You’ve heard about the vegan diet. Maybe you’re not convinced that it’s for you. All you know is that it sounds extreme and dull. Still, you might consider it if there were sufficient benefits.
Could you be one of those “vegan people”? Maybe you could! It might be the best decision you could make for your health and longevity.
First, let’s define what a vegan diet is. Essentially, it’s a diet that is free of animal products. So, that means no meat of any kind, including fish and seafood, no dairy products, and no eggs. Of course, many vegans choose to exclude honey, too.
What does that leave? Every other food, including fruits, soy, vegetables, beans, grains, and nuts. There are many processed foods as well that are vegan, such as bread and pasta.
Keep in mind that vegan food isn’t necessarily healthy food. French fries, potato chips, and some cookies are vegan, but they certainly aren’t healthy. You can eat a very unhealthy diet and still be 100% vegan!
A vegan diet with nutritious foods can provide many health benefits:
- A vegan diet may reduce arthritis pain. Multiple studies have demonstrated that following a vegan diet can reduce the pain of rheumatoid arthritis. Study participants reported less joint swelling and less morning stiffness, too.
- Metabolism benefits. Vegan diets can be extremely healthy. A good vegan diet is full of vitamins, minerals, fiber, and phytochemicals. Just as important, a proper vegan diet is also low in calories, cholesterol, and saturated fat. This type of diet is high in nutrition but low in calories and disease-causing components.
- There is also evidence to suggest that an improvement in gut biome in those following a vegan diet also leads to metabolic advantages.
- Lower risk of heart disease. The primary contributors to heart disease include high blood sugar, blood pressure, LDL, and total cholesterol. A healthy vegan diet has been shown to lower all of these risk factors.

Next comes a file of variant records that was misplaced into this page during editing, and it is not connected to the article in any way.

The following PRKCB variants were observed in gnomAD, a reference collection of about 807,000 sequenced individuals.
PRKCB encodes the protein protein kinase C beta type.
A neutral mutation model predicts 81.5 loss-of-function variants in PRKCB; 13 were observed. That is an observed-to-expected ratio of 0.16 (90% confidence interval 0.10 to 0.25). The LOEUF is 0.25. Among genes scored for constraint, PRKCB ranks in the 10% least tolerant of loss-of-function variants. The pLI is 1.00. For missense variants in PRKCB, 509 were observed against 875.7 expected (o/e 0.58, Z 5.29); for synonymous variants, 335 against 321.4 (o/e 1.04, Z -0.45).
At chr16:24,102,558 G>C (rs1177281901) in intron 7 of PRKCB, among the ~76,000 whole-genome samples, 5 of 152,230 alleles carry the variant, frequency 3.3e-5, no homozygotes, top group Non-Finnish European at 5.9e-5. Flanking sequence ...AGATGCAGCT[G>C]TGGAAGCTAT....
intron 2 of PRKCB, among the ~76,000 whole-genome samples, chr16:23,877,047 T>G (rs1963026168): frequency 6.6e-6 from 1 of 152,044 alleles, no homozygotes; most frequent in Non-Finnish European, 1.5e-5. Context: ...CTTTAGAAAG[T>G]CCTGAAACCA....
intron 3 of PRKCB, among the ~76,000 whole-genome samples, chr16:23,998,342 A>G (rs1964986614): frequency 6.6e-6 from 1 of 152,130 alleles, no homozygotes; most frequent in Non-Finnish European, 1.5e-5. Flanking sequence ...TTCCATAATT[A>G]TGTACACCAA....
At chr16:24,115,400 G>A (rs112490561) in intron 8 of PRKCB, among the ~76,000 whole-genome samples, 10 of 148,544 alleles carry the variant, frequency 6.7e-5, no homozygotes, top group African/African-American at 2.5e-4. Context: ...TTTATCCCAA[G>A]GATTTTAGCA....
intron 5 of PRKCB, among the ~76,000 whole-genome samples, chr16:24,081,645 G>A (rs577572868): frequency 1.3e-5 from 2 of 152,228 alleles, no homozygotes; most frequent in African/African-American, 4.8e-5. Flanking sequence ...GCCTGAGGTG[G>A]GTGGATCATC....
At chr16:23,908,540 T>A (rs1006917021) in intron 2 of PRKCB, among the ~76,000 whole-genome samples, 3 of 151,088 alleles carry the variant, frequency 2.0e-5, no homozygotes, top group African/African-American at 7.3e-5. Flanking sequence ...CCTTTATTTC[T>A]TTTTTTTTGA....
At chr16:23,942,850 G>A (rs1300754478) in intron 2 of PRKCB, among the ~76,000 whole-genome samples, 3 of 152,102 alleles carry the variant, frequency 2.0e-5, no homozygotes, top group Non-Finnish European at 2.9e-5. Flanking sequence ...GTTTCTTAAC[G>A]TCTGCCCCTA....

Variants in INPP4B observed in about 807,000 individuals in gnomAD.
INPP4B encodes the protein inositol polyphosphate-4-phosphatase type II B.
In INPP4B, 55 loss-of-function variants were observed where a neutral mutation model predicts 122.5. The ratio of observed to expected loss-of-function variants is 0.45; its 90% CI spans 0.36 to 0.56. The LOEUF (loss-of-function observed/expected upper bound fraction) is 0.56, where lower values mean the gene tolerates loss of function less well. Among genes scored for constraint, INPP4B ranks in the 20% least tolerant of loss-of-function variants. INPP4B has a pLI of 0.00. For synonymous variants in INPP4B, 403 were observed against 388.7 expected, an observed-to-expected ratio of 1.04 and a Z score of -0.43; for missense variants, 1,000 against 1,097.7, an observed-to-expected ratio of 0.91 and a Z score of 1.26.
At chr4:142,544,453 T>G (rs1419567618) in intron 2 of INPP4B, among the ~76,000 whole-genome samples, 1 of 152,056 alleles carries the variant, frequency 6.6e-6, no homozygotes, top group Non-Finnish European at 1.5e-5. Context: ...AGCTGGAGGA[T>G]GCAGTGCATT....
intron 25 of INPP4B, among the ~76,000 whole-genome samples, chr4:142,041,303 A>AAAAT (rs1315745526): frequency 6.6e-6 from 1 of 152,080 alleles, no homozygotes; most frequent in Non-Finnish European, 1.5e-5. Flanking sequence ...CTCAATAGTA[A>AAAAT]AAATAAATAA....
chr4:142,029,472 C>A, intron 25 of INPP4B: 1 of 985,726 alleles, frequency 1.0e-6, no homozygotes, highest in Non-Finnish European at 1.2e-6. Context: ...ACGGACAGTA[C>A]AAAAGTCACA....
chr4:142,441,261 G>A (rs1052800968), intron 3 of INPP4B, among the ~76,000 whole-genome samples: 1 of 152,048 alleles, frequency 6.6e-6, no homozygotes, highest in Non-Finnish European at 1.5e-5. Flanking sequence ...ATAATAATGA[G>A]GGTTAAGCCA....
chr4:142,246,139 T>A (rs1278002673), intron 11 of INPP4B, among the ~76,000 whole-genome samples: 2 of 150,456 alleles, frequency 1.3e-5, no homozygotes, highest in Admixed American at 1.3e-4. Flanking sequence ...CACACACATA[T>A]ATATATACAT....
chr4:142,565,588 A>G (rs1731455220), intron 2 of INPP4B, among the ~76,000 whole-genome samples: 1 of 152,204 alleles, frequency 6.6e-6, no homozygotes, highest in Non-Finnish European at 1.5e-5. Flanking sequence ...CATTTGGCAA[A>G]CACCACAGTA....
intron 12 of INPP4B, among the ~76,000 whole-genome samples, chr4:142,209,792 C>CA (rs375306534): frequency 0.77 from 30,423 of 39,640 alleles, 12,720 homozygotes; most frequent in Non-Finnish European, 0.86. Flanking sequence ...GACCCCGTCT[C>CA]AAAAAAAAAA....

- Cognitive benefits. Those that follow a vegan diet have shown a decreased risk of developing cognitive issues. When a cognitive problem is present, vegan diet followers show a slower rate of decline.
- Lower risk of certain types of cancer. Adhering to a vegan diet lowers the risk of prostate, colon, and breast cancer.
- Enhance kidney function. High blood sugar is ultimately very damaging to kidney function. It forces the kidneys to work extra hard. High blood sugar is also damaging to the blood vessels in the kidneys. Those following a vegan diet often experience significant improvements in kidney function.
- Weight loss. A healthy vegan diet is low in calories. However, not all vegan diets are healthy. You can eat nothing but potato chips and Fruit Loops and be a vegan. However, a healthy vegan diet has a low-calorie density. It would be a real challenge to eat enough to maintain high body weight.
A vegan diet can be extremely healthy if good food choices are made. If you’re looking to boost your health, lose weight, and preserve your cognitive function, a vegan diet might be the best option.
Getting Started With a Vegan Diet
How can you get started with a minimal amount of trouble?
Follow this process:
- First, make a list of healthy vegan foods that you enjoy.
- Then, start by eating one vegan meal each day.
- After a week, add in a second vegan meal.
- Take things slowly and experiment with different recipes. You’ll struggle if you’re determined to eat nothing but salad and fruit. If eating isn’t enjoyable, it will be challenging to stick with it.